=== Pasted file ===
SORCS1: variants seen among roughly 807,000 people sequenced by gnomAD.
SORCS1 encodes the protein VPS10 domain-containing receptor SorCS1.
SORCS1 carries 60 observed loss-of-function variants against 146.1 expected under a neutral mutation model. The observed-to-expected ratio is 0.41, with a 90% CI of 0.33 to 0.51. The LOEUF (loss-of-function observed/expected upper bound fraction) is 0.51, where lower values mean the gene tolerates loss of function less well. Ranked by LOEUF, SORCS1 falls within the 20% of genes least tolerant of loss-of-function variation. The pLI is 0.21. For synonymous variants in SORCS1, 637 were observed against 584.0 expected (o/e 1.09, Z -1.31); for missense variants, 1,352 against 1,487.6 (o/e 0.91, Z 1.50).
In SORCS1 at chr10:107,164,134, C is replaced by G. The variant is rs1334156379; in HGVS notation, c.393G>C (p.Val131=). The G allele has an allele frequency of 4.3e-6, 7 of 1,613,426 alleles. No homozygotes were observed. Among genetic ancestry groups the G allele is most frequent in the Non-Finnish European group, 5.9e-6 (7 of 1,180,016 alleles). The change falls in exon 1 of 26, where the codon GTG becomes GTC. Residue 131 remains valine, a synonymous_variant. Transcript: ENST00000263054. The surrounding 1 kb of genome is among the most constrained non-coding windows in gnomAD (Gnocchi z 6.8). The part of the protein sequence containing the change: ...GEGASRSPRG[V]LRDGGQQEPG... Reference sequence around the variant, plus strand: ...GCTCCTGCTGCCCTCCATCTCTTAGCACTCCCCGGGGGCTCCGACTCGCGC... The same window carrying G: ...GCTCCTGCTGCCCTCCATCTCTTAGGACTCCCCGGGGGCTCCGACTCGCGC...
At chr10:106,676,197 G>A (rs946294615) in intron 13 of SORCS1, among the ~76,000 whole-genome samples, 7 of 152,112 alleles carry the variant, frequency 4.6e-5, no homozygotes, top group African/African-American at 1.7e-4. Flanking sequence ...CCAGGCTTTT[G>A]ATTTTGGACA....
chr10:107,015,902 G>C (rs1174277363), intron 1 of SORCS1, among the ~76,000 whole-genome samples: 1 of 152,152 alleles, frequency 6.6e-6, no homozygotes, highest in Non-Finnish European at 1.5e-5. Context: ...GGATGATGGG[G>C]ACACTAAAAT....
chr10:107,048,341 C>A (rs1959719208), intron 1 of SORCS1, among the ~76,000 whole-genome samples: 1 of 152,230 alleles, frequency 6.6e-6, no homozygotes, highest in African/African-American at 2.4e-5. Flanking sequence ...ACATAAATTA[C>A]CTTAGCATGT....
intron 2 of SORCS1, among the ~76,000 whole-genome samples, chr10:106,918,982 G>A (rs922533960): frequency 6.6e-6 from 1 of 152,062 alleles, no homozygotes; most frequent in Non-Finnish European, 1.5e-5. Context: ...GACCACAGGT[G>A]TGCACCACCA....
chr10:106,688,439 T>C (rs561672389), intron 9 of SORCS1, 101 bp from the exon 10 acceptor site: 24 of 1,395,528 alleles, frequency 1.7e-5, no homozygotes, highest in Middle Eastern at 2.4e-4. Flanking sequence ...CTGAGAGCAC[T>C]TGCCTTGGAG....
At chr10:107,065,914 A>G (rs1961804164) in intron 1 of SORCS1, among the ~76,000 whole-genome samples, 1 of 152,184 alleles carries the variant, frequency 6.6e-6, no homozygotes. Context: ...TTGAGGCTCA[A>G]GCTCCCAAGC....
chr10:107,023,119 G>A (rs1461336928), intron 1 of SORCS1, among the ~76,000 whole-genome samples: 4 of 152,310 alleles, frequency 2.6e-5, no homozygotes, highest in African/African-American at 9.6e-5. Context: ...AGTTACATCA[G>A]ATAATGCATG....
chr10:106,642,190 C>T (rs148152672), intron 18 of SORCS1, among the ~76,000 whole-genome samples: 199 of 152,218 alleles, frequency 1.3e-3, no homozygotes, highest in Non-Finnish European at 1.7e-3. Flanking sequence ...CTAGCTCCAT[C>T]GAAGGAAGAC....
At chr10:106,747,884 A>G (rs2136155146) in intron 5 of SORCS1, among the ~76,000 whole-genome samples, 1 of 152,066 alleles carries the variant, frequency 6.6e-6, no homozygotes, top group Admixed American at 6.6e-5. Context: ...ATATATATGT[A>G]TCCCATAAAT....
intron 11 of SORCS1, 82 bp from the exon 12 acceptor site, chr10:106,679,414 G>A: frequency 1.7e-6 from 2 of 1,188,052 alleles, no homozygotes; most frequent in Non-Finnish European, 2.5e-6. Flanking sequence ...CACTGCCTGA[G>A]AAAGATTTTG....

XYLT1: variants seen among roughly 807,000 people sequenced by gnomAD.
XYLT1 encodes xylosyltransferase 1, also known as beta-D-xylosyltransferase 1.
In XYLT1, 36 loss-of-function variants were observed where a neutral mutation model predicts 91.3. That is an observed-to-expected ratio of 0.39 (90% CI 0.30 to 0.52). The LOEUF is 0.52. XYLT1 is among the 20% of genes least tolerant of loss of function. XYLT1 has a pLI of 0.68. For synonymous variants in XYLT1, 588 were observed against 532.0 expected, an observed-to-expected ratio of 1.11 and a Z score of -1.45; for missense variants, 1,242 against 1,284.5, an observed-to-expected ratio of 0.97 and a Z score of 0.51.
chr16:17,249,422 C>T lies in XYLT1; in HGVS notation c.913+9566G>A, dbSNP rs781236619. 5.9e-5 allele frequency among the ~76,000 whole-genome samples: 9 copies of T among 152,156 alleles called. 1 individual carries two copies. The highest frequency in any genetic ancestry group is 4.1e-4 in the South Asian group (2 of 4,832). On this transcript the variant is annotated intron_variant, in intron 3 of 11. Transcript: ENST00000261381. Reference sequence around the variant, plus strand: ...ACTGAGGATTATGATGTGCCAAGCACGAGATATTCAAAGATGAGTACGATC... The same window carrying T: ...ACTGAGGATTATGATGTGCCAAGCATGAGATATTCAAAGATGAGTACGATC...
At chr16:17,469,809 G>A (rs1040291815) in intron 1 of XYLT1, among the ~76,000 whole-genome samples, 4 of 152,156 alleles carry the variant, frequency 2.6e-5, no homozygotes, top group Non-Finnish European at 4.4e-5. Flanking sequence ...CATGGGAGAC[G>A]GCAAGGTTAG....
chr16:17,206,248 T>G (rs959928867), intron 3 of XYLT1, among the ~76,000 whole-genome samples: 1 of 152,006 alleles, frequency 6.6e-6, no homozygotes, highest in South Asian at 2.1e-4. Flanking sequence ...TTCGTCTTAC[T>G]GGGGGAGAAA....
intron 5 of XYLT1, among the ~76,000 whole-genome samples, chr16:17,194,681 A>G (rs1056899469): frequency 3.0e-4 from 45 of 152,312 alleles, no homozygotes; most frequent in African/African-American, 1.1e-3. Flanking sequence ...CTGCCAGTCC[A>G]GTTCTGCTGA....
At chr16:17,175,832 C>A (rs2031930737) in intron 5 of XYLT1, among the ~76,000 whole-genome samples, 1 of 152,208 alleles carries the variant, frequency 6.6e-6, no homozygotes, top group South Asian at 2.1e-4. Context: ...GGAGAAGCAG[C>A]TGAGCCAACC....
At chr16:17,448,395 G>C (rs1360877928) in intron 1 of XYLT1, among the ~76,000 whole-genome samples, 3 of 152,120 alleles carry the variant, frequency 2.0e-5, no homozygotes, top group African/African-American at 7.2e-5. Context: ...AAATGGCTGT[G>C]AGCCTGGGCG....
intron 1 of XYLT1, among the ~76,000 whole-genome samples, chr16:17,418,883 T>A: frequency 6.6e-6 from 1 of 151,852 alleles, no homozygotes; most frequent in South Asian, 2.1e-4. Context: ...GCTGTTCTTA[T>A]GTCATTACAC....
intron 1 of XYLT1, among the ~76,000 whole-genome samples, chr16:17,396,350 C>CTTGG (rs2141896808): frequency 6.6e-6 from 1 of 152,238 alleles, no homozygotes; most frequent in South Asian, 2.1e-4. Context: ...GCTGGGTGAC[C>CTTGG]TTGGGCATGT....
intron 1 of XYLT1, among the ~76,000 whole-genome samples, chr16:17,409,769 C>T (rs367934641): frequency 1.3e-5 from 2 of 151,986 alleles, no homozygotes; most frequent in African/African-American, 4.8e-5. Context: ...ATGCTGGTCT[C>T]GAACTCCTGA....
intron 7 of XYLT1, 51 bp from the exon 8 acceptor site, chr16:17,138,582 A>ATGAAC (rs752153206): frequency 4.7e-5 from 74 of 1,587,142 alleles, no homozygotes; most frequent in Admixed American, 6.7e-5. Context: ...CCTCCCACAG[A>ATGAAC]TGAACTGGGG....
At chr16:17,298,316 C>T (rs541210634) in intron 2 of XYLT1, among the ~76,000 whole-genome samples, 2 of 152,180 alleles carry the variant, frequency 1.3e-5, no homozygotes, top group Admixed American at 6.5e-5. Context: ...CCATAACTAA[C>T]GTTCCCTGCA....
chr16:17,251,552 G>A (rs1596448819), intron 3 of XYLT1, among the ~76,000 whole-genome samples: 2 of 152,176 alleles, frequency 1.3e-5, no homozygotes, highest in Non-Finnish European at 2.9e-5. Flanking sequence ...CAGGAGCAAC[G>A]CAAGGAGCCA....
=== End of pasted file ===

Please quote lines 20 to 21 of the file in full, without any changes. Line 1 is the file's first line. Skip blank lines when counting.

chr16:17,206,248 T>G (rs959928867), intron 3 of XYLT1, among the ~76,000 whole-genome samples: 1 of 152,006 alleles, frequency 6.6e-6, no homozygotes, highest in South Asian at 2.1e-4. Flanking sequence ...TTCGTCTTAC[T>G]GGGGGAGAAA....
intron 5 of XYLT1, among the ~76,000 whole-genome samples, chr16:17,194,681 A>G (rs1056899469): frequency 3.0e-4 from 45 of 152,312 alleles, no homozygotes; most frequent in African/African-American, 1.1e-3. Flanking sequence ...CTGCCAGTCC[A>G]GTTCTGCTGA....